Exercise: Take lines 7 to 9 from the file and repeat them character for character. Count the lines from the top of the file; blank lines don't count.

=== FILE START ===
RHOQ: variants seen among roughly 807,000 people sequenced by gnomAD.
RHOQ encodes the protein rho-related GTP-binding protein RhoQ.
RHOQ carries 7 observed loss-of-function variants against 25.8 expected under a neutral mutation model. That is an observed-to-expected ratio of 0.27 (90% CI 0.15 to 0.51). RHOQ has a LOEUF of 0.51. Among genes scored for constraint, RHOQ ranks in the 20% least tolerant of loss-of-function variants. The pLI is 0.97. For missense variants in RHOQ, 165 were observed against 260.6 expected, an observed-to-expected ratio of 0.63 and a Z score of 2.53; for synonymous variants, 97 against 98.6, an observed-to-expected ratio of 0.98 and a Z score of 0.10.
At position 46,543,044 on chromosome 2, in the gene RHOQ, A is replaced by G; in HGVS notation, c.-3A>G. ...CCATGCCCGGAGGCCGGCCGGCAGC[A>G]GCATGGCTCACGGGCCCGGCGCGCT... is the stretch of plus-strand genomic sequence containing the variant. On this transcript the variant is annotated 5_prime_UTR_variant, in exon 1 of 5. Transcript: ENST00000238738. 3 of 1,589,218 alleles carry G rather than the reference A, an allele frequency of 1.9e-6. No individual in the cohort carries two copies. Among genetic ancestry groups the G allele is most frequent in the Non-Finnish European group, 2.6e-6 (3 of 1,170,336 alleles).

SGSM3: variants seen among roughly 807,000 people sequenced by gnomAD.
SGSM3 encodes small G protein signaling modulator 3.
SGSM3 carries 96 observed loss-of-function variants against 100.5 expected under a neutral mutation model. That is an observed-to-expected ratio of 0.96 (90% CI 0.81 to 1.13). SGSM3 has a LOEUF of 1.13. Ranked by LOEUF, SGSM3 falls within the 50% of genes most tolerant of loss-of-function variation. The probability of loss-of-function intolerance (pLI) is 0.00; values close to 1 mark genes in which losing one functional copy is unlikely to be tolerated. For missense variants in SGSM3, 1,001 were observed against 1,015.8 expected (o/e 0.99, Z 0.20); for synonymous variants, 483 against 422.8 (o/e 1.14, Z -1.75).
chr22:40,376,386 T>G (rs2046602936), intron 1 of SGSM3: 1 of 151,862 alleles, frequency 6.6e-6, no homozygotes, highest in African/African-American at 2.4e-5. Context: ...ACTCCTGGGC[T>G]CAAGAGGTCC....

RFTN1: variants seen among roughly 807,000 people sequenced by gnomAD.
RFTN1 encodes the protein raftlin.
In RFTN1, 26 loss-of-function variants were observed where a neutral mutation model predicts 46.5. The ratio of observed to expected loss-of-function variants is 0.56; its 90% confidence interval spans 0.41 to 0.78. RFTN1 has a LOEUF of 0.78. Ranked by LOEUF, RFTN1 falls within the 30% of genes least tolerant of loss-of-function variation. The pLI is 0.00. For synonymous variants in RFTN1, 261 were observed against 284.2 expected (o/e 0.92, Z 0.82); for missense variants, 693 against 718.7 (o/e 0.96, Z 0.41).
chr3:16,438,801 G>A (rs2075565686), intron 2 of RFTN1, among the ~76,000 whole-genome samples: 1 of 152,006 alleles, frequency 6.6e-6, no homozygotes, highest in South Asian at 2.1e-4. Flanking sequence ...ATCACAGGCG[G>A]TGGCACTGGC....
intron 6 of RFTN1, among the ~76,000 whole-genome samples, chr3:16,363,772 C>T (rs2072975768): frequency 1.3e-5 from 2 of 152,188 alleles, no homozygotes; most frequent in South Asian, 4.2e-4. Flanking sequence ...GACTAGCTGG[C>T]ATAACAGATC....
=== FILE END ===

SGSM3 carries 96 observed loss-of-function variants against 100.5 expected under a neutral mutation model. That is an observed-to-expected ratio of 0.96 (90% CI 0.81 to 1.13). SGSM3 has a LOEUF of 1.13. Ranked by LOEUF, SGSM3 falls within the 50% of genes most tolerant of loss-of-function variation. The probability of loss-of-function intolerance (pLI) is 0.00; values close to 1 mark genes in which losing one functional copy is unlikely to be tolerated. For missense variants in SGSM3, 1,001 were observed against 1,015.8 expected (o/e 0.99, Z 0.20); for synonymous variants, 483 against 422.8 (o/e 1.14, Z -1.75).
chr22:40,376,386 T>G (rs2046602936), intron 1 of SGSM3: 1 of 151,862 alleles, frequency 6.6e-6, no homozygotes, highest in African/African-American at 2.4e-5. Context: ...ACTCCTGGGC[T>G]CAAGAGGTCC....

RFTN1: variants seen among roughly 807,000 people sequenced by gnomAD.